Long Document Scanning - Long document scanning functionality is used to process longer than normal paper sizes. Long documents can be in the form of loan documents, medical equipment logs, and similar documents.¹
Mean Time Between Failure – A statistical measure of reliability, this is calculated to indicate the anticipated average time between failures of a device. The longer the better.¹
Memory Capacity – The maximum or minimum amount of memory a computer or hardware device is capable of having or the required amount of memory required for a program to run.
Monochrome – One color. Monitors, for example, can be monochrome, grayscale or color. Monochrome monitors actually use two colors, one for the display image (the foreground) and one for the background. Graphic images can also be monochrome, grayscale, or color. ³
Multi-Feed Detection – “Multi-feed” is a feeding error that occurs when two or more sheets in the ADF paper chute are fed simultaneously into the scanner. If the “multi-feed” is not detected, important information may be not be scanned. With multi-feed detection, the scanner indicates a message and ceases the scanning to prevent such an error from occurring.
OCR - Often abbreviated OCR, optical character recognition refers to the branch of computer science that involves reading text from paper and translating the images into a form that the computer can manipulate (for example, into ASCII codes). An OCR system enables you to take a book or a magazine article, feed it directly into an electronic computer file, and then edit the file using a word processor.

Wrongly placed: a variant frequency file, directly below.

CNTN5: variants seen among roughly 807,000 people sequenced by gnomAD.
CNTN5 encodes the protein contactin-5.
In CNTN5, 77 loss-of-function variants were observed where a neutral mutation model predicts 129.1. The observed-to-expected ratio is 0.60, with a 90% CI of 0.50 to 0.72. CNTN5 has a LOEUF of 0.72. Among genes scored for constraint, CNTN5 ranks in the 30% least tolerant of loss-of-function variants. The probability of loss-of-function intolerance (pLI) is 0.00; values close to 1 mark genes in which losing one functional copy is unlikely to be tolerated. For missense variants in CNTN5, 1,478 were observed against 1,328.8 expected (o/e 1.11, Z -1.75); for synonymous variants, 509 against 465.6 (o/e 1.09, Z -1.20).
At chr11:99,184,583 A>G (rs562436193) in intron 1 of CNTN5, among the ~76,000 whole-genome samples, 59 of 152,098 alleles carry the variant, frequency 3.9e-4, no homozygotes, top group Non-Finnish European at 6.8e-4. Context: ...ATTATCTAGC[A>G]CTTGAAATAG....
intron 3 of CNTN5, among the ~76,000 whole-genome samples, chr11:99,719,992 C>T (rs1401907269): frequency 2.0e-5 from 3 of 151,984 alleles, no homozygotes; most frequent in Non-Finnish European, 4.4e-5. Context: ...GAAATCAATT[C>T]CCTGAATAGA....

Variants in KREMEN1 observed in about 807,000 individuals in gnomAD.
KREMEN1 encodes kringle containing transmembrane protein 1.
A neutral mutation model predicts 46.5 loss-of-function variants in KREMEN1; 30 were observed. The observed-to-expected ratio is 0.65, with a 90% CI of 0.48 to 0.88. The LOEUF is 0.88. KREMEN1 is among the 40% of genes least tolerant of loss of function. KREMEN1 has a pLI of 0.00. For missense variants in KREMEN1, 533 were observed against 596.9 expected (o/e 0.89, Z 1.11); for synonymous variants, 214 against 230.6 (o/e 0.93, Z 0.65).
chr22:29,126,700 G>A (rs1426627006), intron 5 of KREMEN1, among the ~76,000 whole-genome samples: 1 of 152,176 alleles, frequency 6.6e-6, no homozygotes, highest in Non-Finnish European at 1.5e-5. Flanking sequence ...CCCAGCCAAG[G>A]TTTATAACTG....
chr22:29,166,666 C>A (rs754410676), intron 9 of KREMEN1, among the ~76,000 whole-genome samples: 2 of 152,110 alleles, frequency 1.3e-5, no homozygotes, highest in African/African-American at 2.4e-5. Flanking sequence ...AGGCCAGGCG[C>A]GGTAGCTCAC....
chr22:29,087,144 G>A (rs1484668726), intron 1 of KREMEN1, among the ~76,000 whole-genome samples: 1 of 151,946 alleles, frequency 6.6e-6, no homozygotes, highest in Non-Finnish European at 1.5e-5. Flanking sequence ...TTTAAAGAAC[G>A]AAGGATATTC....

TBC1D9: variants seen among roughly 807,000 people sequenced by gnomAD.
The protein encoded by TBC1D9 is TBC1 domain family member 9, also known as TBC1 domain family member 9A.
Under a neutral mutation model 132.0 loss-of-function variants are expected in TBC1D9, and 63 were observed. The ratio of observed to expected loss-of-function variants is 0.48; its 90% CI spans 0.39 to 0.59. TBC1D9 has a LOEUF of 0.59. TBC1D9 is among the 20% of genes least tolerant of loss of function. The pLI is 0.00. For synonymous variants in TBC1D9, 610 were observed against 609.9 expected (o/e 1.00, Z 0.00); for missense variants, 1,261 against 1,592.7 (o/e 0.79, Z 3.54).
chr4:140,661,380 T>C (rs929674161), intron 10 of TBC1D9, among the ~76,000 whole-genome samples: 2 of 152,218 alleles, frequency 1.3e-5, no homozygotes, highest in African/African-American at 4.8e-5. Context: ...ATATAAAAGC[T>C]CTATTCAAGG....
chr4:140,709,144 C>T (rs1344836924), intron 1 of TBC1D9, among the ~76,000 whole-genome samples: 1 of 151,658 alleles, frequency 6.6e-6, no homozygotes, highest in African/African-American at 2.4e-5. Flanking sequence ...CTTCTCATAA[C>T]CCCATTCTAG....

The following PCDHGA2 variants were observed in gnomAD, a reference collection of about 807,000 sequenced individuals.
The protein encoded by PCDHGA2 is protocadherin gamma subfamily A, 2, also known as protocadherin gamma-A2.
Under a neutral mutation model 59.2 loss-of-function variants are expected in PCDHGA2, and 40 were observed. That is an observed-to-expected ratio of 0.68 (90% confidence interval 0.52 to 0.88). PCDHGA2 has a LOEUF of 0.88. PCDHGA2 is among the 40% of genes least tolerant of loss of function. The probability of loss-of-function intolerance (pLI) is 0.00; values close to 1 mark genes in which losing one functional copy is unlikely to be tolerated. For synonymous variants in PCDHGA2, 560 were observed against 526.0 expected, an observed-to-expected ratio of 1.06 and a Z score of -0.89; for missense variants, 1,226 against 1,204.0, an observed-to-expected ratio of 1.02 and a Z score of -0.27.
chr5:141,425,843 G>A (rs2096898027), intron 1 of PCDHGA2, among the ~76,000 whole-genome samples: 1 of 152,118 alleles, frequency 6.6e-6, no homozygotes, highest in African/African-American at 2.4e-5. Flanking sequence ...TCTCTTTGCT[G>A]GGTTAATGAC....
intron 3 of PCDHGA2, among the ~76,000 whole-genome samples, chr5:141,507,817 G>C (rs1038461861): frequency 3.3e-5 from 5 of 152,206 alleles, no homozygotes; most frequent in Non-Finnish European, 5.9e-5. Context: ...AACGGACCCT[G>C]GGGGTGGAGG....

All OCR systems include an optical scanner for reading text, and sophisticated software for analyzing images. Most OCR systems use a combination of hardware (specialized circuitboards) and software to recognize characters, although some inexpensive systems do it entirely through software. Advanced OCR systems can read text in large variety of fonts, but they still have difficulty with handwritten text.
The potential of OCR systems is enormous because they enable users to harness the power of computers to access printed documents. OCR is already being used widely in the legal profession, where searches that once required hours or days can now be accomplished in a few seconds.³
Paper Sizes - For example: A4, A5, A6, B5, B6, business card, post card, letter, legal or custom size. Many paper size standards conventions have existed at different times and in different countries. Today there is one widespread international ISO standard (including A4, B3, C4, etc.) and a localised standard used in North America (including letter, legal, ledger, etc.). The paper sizes affect writing paper, stationery, cards, and some printed documents. The standards also have related sizes for envelopes.²
Pixel – The basic building block of all images — a simple dot. In bitonal images, it is merely a black or white dot (see “Bitonal” definition above). In gray scale images, dots will have between 1-to-256 possible values of gray (for an 8-bit gray scale image).¹
Portrait Orientation – An image registered so that is is taller than it is wide, with the narrow edge running along top and bottom. When scanning, orientation is determined b the leading edge of the document.¹